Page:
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Charcol offers pre-Budget submission on stamp duty land tax

Amanda Jarvis

November 24, 2004

Ray Boulger of Charcol comments: “We hear frequently that the government is keen to remove all inequality in the tax and benefits systems, but actions speak louder than words and the current structure of stamp duty land tax is grossly unfair. Abolishing this tax is clearly a non-starter and so Charcol would like to see it reformed to reflect the way income tax is structured.

With income tax, the higher percentage rates of tax are only payable on the amount of income over certain thresholds. However, with stamp duty land tax, once you reach a certain level, borrowers are forced to pay the higher percentage on the total amount.”

Example
A buyer wants to purchase a home priced at £250,001. They would currently have to pay 3% in stamp duty tax for this property, a total of £7,500. Yet if they bought that property for £250,000, they would only pay £2,500. Thus a £1 increase in the price results in a tax increase of £5,000.

Boulger continues, “Stamp duty has become more of a key issue for many potential first time buyers. The proportion of loans made to first time buyers has been steadily falling for 5 years. In 1999 first time buyers accounted for 47% of all loans, according to figures from the CML. However, this figure has since fallen sharply, and this year is under 30%. A lack of first time buyers reduces liquidity in the market and addressing this issue should now be a priority for The Chancellor. Less liquidity means fewer transactions and fewer transactions means less tax for the Chancellor! For many potential first time buyers stamp duty land tax is one burden too many in preventing them from buying their first property and this unfair tax is ripe for reform.”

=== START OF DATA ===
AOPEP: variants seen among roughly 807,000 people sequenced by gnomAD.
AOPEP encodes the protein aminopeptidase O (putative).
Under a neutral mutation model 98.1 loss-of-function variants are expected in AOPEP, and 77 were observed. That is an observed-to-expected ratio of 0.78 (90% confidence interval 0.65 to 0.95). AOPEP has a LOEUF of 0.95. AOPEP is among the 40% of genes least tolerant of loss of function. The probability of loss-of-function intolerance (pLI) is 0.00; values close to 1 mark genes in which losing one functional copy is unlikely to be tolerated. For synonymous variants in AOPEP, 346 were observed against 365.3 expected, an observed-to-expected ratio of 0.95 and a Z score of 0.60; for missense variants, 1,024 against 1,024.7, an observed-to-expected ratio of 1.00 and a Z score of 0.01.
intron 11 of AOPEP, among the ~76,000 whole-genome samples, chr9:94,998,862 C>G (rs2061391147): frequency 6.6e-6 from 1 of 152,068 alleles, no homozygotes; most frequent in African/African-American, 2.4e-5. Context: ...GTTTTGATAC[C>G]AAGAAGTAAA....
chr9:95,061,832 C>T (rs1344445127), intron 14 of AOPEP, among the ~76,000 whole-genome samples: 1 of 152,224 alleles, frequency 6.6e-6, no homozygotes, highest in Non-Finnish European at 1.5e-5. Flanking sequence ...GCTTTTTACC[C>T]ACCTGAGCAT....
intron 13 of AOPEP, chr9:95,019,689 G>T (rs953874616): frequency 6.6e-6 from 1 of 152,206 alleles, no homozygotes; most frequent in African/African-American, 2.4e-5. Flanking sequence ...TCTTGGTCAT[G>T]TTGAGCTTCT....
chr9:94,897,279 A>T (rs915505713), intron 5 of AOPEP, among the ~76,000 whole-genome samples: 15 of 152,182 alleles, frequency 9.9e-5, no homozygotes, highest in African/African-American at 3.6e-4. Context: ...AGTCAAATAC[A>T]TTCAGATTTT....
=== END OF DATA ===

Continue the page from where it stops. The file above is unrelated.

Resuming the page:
Although abolishing stamp duty land tax for first time buyers up to a higher limit than for other purchasers may at first sight appear to be the simplest way to help this beleaguered species, the practicalities of identifying genuine first time buyers would make such a scheme difficult to police. The simplest and fairest solution, which would help all purchasers but would
help first time buyers the most, would be a combination of substantially increasing the thresholds to reflect property price inflation and making the tax fairer as outlined above.

Example
The threshold for stamp duty land tax was last increased to £60,000 in 1993. Adjusting for property price inflation since then would mean increasing this threshold to around £170,000*. The other thresholds of £250,000 and £500,000 would obviously also need to be increased, or possibly amalgamated and then a new higher threshold created.

With the average residential property price in the UK now around £188,000 according to The Land Registry (although the average price paid by first time buyers is less), even a 5% deposit equates to £9,400 up front. Stamp duty land tax at the current rate adds an extra £1,880 to costs and that can sometimes mean the difference between buying that first home or not.

Example
With the proposal outlined above the tax payable on the average priced property would be reduced by over 90% to £180 (1% on the difference between the £188,000 purchase price and a £170,000 starting price for stamp duty land tax).

Boulger concludes, “To avoid this type of stealth tax creeping up on us again we would like to see a clause in next year's Finance Bill emulating the Rooker-Wise amendment to the 1977 Finance Bill, ensuring that the thresholds would change each year in line with inflation. A sensible
starting point for the 1% band would be the average property price, based on Land Registry figures (i.e. currently £188,000), and the annual inflation adjustment (up or down) should also be based on Land Registry figures.”

*Based on the average increase as recorded by the HBOS and Nationwide House Price Statistics.


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